How to Choose Your Career Path

The first step in transitioning from student to professional is to figure out what career to pursue. Most students probably have a good sense of what they’d like to pursue, but if you ask them again in a year, the answer’s likely change. The answer in my life has ranged from police officer, to marine biologist, to chef, to writer. College is a great time to explore your interests and to figure out what motivates you. While you enter this exploratory period, it’s helpful to start thinking concretely about your career so you can shape your college experience into a smooth trajectory that lands you on your way to the job of your dreams.

The very first thing you’ll need to do to begin your career search is to assess yourself. You don’t want to be stuck simply picking a career and getting a job you aren’t going to enjoy later down the road. The easiest way to start this process is to ask yourself three basic questions. What are you good at? What do you care about? And finally, how do you want to do what you want to do? The answers to these three questions will give you a great start to begin your career search. If, for example, music is your greatest passion, then these questions will help you narrow that interest down into something more focused. Maybe you’re really good at playing guitar, and you think a career as a studio musician sounds interesting. Or, maybe your interest is more in the production side of things. There’s a multitude of careers paths related to just about every interest you can think of, so even if you think becoming a famous musician is out of reach, there are a whole host of jobs waiting for you in the music industry. If you’d like to assess yourself more formally, then I recommend contacting the Career Center here on campus. We have a number of career assessment and major exploration programs that will give you a concrete portrait of your strengths, interests and values.

If you’ve assessed your strengths and interests, then the next thing will be to do a bit of research. Like I said, there are so any career paths out there—many that you probably wouldn’t even think of (iceberg mover, snake venom extractor, anyone?) If you like to snowboard, for example, there are many career paths waiting for you in the outdoor recreation and hospitality industries. You could look up what it takes to be a professional snowboard instructor, or what kind of classes you’d need to take to become a ski resort operations manager. Some things to consider while doing your research is the kind of schooling that a job requires, how much money you can expect to make and if the career will require you to travel a lot. Remember, money isn’t everything! While we all envision that career that will enable us to live completely free of the burden of finances, it’s important to our wellbeing to get a job doing something that we enjoy. I think it’s also important to research some of the particular companies that offer some of the careers that you’re interested in, to get a sense of what the work environment and company’s culture. YouTube has a plethora of videos that give you an inside look into many different careers.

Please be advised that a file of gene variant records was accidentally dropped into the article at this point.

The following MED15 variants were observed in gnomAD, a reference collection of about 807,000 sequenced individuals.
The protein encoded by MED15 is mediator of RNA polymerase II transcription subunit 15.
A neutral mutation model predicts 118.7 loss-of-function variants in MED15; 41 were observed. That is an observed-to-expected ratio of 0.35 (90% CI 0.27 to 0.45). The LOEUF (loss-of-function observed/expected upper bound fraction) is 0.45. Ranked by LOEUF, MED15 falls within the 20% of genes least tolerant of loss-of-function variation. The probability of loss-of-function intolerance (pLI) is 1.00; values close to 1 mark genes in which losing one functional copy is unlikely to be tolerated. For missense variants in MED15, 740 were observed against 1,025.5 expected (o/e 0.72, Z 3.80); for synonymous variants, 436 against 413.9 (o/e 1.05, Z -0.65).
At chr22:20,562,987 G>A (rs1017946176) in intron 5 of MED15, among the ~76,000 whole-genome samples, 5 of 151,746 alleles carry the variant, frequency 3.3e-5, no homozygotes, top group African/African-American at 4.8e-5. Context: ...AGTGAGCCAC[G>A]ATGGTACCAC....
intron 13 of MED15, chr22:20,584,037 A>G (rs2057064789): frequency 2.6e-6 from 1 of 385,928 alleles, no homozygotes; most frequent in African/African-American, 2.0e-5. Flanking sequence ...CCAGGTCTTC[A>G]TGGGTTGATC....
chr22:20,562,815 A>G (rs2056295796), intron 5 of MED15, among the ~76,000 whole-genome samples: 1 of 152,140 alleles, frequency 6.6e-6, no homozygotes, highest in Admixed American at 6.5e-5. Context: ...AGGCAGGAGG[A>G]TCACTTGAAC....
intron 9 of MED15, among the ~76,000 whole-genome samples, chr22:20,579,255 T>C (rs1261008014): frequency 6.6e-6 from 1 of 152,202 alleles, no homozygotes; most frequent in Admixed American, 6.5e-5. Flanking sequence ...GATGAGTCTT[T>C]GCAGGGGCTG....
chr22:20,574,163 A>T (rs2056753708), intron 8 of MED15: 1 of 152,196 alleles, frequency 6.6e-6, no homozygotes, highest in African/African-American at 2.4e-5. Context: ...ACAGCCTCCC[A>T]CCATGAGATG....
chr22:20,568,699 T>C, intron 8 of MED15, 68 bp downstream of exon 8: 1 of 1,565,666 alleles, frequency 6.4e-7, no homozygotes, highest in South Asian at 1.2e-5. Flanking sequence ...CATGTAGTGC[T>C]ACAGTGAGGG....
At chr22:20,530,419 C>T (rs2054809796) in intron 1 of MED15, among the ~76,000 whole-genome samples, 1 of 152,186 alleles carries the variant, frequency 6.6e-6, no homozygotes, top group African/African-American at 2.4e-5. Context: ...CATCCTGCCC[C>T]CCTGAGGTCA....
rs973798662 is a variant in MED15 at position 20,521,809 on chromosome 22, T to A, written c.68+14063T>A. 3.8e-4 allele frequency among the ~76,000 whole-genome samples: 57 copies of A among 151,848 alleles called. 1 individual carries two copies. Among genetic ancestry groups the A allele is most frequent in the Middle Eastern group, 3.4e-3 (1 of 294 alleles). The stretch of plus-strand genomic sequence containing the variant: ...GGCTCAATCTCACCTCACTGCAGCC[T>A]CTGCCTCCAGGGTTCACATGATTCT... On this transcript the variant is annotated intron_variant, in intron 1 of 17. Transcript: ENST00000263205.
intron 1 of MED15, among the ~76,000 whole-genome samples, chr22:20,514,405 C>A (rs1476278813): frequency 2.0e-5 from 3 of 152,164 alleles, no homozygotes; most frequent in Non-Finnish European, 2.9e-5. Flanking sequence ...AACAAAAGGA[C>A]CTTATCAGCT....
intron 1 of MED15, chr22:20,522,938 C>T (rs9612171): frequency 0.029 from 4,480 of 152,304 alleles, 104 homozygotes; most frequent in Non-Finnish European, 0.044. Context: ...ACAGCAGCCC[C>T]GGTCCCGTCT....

After you’ve narrowed your interests down to maybe one, two or three career paths, the last step in your career search is to act. Take courses that will prepare you for the road ahead. If you’re really sure what you want to do, pick the major that best fits your intended career. I think the best way to prepare yourself for employment, outside of the classroom, is to get an internship. Internships will give you the real-word experience necessary for professional success. Contact the Career Center to help you track one down that’s best for you.

Picking the right career is about more than just finding a job. It’s about aligning your passions with an organization that will enable you to work meaningfully while realizing financial security. While putting in the work right now to find the career that fits you is important, don’t put too much pressure on yourself. Many people end up changing careers more than once. In fact, my mom just got her nursing degree at 51. At the same time, it’s wise to be willing to explore careers in college with purpose to put you on a professional trajectory, while remaining patient and flexible enough to allow other opportunities to come your way. At any rate, it’s a good idea to start thinking about your skills and interests so that you can start researching potential career options. You never know when that spark will come that will lay the groundwork for your success.

Until next time,

TMJ

 

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